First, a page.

Sports (interview photo 2)- daryl

The UTSA eSports Community is re-defining what it means to be a sports team. Just before the end of the fall semester the organization was given the official word that they were allowed to operate as a club sport.

Traditionally, people think of sports as being a con- tact, hands-on activity such as basketball or football. Playing video games such as League of Legends, Dota 2 or Starcraft 2 usually does not fit into such defini- tions; however, Brad Honn – president and founder of the UTSA eSports Community – is looking to change that image.

“It’s definitely not a competitive sport in the tradi- tional sense, but it’s definitely a mental competition,” says Honn. “These guys put in a lot of time and dedica- tion into these games and to better themselves and to better themselves as a team.”

Beginning as an online post in the UTSA subreddit in April 2010, eSports has grown from 10 members to over 400.

“I kind of just looked around and thought there’s a lot of people that play video games and somebody should really do something about that,” says Honn. “They have this saying in poker that if you walk into a poker room and you can’t immediately spot the sucker, it’s you. Well I kind of looked around and saw that nobody was doing something and somebody should and that person just happened to be me. So I did.”

eSports isn’t anything less than serious in their ef- forts. While most of their practicing takes place online, the teams practice between 20-to-30 hours a week.

“I have my teams on a strict regimen and schedule. They practice the same time every week every day,” says Honn. “We go over tapes of our matches. We go over what we did right, what we did wrong.”

The push for becoming an official UTSA club sport was driven not only for the licensed use of the official UTSA name and logo, but also for the need for fund- ing.

“A lot of our teams are already competing in colle- giate leagues. There’s a league called the Collegiate Star League that hosts a couple of different games, and we have six teams across different games in those leagues right now. That particular league hosts regional LAN, and they’re not anywhere near here,” says Honn. “The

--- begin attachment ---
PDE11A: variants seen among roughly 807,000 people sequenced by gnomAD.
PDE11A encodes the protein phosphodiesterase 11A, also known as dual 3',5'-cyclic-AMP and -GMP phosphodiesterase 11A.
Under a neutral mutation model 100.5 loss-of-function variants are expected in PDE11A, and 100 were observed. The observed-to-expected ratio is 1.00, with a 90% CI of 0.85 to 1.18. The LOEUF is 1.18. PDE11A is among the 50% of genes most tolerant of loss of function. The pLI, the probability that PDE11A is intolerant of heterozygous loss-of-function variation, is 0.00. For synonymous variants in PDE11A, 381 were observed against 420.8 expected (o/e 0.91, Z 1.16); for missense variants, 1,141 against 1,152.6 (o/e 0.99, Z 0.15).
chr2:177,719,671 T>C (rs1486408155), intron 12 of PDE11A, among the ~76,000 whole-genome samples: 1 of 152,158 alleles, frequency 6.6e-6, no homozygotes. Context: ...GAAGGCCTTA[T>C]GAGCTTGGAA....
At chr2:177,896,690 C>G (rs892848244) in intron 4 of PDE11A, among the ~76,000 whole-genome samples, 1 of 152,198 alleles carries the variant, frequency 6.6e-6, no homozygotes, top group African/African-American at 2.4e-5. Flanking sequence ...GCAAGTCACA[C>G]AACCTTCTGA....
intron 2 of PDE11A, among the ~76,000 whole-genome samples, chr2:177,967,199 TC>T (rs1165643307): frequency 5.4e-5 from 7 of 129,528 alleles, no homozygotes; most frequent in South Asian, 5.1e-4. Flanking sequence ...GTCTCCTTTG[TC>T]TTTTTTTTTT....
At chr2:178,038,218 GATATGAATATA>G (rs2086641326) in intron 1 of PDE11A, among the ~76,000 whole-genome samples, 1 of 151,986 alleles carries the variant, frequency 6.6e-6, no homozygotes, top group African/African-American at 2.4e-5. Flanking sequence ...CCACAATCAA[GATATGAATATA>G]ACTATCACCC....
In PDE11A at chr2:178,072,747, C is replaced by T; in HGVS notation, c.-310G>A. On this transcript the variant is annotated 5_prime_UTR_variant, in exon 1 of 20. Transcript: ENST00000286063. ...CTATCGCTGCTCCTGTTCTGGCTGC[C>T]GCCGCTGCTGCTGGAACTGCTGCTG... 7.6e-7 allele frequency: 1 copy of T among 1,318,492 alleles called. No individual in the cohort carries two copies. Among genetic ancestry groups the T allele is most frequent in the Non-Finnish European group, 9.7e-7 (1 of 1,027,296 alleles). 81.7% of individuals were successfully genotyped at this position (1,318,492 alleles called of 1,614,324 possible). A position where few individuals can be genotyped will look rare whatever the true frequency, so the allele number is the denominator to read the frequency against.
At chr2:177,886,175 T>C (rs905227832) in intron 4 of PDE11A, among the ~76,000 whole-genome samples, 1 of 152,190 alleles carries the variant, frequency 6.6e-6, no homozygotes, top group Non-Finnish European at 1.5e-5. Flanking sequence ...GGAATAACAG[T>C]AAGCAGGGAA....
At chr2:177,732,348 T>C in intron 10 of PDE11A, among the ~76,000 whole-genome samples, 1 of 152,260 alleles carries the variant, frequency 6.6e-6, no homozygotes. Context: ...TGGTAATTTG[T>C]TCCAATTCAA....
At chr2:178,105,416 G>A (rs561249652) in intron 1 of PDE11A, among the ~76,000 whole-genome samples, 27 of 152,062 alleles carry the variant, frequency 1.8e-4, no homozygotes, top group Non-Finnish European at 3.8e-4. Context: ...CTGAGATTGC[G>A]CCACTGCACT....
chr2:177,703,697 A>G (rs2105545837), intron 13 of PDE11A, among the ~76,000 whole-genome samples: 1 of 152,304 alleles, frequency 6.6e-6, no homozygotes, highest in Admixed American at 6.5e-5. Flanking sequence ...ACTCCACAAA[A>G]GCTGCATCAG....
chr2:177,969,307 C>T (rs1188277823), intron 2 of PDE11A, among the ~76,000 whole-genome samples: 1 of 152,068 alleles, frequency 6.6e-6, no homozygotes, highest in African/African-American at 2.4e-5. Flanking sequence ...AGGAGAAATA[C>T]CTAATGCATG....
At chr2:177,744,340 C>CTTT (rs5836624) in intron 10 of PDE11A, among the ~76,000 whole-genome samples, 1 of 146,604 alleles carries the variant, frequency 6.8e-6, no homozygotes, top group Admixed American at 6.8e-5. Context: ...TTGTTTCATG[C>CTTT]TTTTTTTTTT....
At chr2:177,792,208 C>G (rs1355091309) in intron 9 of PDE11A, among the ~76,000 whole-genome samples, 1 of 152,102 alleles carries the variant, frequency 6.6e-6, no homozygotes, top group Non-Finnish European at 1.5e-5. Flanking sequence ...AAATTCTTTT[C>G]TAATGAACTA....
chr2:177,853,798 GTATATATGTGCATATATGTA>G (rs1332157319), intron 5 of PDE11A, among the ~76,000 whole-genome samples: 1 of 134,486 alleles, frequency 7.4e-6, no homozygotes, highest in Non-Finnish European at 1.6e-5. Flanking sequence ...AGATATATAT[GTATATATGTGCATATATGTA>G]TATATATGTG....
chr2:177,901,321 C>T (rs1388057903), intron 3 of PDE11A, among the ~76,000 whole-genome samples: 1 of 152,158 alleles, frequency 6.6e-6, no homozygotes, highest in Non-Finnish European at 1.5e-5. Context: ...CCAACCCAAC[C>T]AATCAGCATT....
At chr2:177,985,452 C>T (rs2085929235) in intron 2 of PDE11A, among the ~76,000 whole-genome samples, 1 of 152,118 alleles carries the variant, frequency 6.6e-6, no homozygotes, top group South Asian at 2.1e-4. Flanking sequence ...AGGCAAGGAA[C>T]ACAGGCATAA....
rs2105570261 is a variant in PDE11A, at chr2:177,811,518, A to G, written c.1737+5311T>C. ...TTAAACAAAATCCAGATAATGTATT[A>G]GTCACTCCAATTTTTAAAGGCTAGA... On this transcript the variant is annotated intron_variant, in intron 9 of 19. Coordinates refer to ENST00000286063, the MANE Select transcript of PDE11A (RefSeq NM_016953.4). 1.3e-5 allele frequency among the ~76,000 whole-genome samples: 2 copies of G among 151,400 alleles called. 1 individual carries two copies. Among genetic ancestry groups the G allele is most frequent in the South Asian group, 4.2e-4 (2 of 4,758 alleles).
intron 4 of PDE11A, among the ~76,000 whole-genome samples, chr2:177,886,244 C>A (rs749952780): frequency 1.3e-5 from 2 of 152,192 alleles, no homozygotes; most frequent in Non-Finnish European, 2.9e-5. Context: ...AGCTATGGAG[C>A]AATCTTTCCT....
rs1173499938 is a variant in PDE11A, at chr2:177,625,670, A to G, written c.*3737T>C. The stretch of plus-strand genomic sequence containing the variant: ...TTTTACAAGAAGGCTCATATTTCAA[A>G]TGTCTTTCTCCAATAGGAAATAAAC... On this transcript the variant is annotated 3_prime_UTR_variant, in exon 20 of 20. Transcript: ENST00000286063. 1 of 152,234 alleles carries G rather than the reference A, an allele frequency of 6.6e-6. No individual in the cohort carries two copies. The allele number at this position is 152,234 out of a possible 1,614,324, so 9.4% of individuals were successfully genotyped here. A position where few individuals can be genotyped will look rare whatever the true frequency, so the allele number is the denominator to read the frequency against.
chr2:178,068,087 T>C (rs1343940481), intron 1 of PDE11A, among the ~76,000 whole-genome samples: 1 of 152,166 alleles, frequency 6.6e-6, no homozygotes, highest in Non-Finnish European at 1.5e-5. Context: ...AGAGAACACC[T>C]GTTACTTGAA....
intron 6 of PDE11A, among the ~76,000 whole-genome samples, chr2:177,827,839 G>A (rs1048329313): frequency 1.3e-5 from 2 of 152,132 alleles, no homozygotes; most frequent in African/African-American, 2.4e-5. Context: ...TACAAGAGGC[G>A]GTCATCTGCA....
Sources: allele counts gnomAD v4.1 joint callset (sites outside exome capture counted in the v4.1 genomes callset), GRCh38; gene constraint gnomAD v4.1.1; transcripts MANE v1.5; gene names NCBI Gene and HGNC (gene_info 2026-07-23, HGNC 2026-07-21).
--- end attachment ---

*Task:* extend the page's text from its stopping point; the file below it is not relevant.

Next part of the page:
closest one is in San Diego, California, so we’re defi- nitely looking to maybe find a little bit of funding to send them out there because I believe that our teams have a really fair chance at placing really well in those types of tournaments.”

Honn notes that while they are not currently look- ing to provide their members with stipends, their main concern is providing their teams the opportunity to travel to tournaments and provide them with the nec- essary equipment for success.

Honn and the rest of the eSports executive board hope to be at the forefront of a movement to make gaming a recognized collegiate sport. Only a few other universities have gaming clubs and communities listed as official sports.

“We are actually ahead of the entire University of Texas system,” notes Honn. “At this point I can tell you UT Austin is heavily considering having their video game club become a club sport. I think it’s definitely the sort of thing you’re going to see become a lot more popular over the next few years.”

“I definitely think the more hardcore athletes are go- ing to have a really tough time understanding how this could possibly be a sport,” says Honn on how current UTSA athletes will respond to their official club sport status. “But at the same time these kids are the same kids that will grind out Madden for hours and hours and hours, so I don’t think it’s totally far-fetched for them to understand that it’s a sport.”

Honn is not too worried about the current genera- tion which, he says, has grown up with video games as a hobby.

“It’s not necessarily this generation that I’m worried about, it’s more the one before us where if you’re not on a football field hitting people, you’re not on a bas- ketball court doing suicides, then it’s not a sport,” says Honn. “But these kids work equally as hard as anybody else, maybe not in a physical sense, but definitely in a mental sense.”

Honn hopes that with the continued progress and dedication of the UTSA eSports Community their teams and players can create a foundation for the UTSA name on a nationally recognized level.

“I just hope that in the future people can make a decision for what university they attend based on ex- tracurricular, and I think that we are on the forefront of that,” says Honn. “I’m definitely looking forward to seeing what happens in the future.”

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